The hyper-competitive American media environment is vulnerable to the sort of technique the Russian hackers used in the Soros case — stealing documents, altering them, then releasing them as the original. If Putin’s hackers were to release such a doctored document smearing Clinton in, say, late October, it’s likely that competition would lead outlets to report on the hacked documents before they had a chance to see whether and how they were altered.

We don’t know what, if anything, Putin’s hackers have planned for this fall. But the doctored Soros documents could be a clue.


Article Link To The Washington Post:

Please Don’t Tell Anyone, But Tax Cheating Is About To Rise In The U.S.

By Catherine Rampell
The Washington Post
August 30, 2016

I shouldn’t tell you this. Publicity will only make the problem worse. But you deserve to know: Tax cheating is about to rise in the United States.

Today, Americans are among the most law-abiding taxpayers in the world, by which I mean they lie to the taxman much less than people in other countries do. Today, about 82 cents of every dollar owed in U.S. taxes gets paid voluntarily, which is high.

Here are six reasons that number is going to fall:

1. Congress has gutted Internal Revenue Service enforcement.


The most important determinant for tax cheating is: Can I get away with it?

The answer, increasingly, is yes.

Thanks to budget cuts, audit rates have plummeted, especially for the biggest corporations, with armies of sophisticated tax preparers. Criminal tax prosecutions have nose-dived, too.

In some districts, the IRS has openly acknowledged that scofflaws owing under $1 million will get a free pass because the agency no longer has the resources to go after them.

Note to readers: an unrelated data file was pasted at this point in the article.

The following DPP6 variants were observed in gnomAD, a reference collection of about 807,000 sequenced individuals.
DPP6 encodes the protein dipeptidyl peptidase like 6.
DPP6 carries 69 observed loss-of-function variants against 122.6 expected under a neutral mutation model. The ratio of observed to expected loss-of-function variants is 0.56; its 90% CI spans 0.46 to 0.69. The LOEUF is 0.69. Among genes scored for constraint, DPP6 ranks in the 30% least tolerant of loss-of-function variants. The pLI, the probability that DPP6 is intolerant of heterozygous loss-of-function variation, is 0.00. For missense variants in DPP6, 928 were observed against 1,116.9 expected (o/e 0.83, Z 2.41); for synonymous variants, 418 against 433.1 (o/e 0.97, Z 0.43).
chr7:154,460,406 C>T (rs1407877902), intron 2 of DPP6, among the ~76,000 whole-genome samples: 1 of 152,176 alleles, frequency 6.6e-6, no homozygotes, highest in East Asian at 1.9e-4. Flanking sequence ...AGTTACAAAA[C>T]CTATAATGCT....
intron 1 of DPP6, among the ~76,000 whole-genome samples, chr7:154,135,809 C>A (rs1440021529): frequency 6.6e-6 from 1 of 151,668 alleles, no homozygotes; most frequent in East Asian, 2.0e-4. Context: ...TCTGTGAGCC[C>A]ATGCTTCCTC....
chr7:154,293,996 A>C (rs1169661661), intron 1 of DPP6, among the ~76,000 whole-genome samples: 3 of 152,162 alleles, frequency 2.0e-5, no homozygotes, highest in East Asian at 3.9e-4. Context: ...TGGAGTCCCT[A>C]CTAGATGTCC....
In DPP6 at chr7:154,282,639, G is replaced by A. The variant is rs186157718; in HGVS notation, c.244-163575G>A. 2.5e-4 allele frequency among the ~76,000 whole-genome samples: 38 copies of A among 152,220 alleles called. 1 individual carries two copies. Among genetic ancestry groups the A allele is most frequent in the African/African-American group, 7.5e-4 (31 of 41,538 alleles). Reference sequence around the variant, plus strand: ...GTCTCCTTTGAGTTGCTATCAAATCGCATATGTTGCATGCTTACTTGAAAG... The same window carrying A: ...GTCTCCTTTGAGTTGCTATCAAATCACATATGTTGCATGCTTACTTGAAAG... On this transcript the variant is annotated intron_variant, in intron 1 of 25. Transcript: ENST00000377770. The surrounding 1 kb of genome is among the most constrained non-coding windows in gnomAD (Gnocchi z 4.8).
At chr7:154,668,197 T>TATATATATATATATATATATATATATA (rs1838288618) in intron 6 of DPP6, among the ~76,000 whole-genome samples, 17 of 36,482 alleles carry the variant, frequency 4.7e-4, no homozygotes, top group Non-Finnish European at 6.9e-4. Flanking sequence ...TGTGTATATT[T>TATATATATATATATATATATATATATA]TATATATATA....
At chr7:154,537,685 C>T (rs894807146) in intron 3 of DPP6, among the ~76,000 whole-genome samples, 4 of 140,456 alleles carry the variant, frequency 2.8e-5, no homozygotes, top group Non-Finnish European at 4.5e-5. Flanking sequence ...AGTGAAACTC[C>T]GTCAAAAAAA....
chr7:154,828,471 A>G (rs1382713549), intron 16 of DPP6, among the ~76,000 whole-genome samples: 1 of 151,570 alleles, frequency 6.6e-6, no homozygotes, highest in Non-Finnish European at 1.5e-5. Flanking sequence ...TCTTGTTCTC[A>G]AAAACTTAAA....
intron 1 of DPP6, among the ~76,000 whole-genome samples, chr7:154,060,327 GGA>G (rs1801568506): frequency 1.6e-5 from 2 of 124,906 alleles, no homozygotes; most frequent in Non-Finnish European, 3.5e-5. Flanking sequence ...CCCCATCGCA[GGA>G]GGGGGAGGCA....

That acknowledgment is bad, as is the fact that I’m drawing attention to it. Tax cheating is more dependent on perceived probability than actual probability of getting caught.

2. Budget cuts have also hurt IRS customer service.

Wait times on the IRS’s toll-free phone lines are finally down, but the agency still will answer only “basic” questions (i.e., the ones you can Google yourself), not the complicated ones taxpayers actually need help with. Don’t be surprised if some who are trying to pay their taxes honestly get frustrated and simply give up — and do whatever seems cheapest.

3. The growing perception that everyone else is doing it.

Both left and right are mad that certain populations don’t pay their “fair share.” Conservatives, stoked partly by Mitt Romney’s infamous “47 percent” comments, believe the poor pay too little. Liberals, stoked partly by the low tax rates paid by the likes of Romney, believe the rich pay too little. And a growing share of Americans overall think their own tax bill is “too high” and “unfair.”

In other countries, this (often well-founded) belief that everyone else is shirking has led to cascading tax evasion.

“My sense in Greece and other areas that have low compliance rates is that people look around and say, ‘Why should I be a sucker and be the only one who actually pays?’ ” IRS Commissioner John Koskinen told me in a phone interview. (Which is another reason a column predicting more tax cheating could become a self-fulfilling prophecy.)

4. Declining trust in government.


A troubling working paper, by economists Julie Berry Cullen, Nicholas Turner and Ebonya Washington, suggests that tax evasion rises when taxpayers are not in “political alignment” with the government. That is, Democrats cheat more if a Republican holds the White House, and vice versa. Earlier research has also shown that general distrust in the government reduces compliance.